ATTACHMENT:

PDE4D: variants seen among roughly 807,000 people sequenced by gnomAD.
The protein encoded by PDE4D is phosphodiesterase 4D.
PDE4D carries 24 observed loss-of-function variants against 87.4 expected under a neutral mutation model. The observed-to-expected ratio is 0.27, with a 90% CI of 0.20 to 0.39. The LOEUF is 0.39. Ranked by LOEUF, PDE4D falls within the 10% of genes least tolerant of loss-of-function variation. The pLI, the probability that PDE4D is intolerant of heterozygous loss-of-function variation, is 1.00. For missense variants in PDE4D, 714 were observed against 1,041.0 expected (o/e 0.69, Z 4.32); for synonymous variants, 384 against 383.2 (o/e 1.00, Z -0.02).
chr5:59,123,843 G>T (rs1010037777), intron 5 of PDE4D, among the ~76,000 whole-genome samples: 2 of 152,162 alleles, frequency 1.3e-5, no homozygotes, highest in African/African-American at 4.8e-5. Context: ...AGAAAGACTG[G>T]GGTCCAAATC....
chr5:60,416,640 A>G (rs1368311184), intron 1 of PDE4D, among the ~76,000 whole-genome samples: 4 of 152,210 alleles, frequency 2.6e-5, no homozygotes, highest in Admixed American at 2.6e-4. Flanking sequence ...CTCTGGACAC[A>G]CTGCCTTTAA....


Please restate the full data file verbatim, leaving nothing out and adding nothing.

PDE4D: variants seen among roughly 807,000 people sequenced by gnomAD.
The protein encoded by PDE4D is phosphodiesterase 4D.
PDE4D carries 24 observed loss-of-function variants against 87.4 expected under a neutral mutation model. The observed-to-expected ratio is 0.27, with a 90% CI of 0.20 to 0.39. The LOEUF is 0.39. Ranked by LOEUF, PDE4D falls within the 10% of genes least tolerant of loss-of-function variation. The pLI, the probability that PDE4D is intolerant of heterozygous loss-of-function variation, is 1.00. For missense variants in PDE4D, 714 were observed against 1,041.0 expected (o/e 0.69, Z 4.32); for synonymous variants, 384 against 383.2 (o/e 1.00, Z -0.02).
chr5:59,123,843 G>T (rs1010037777), intron 5 of PDE4D, among the ~76,000 whole-genome samples: 2 of 152,162 alleles, frequency 1.3e-5, no homozygotes, highest in African/African-American at 4.8e-5. Context: ...AGAAAGACTG[G>T]GGTCCAAATC....
chr5:60,416,640 A>G (rs1368311184), intron 1 of PDE4D, among the ~76,000 whole-genome samples: 4 of 152,210 alleles, frequency 2.6e-5, no homozygotes, highest in Admixed American at 2.6e-4. Flanking sequence ...CTCTGGACAC[A>G]CTGCCTTTAA....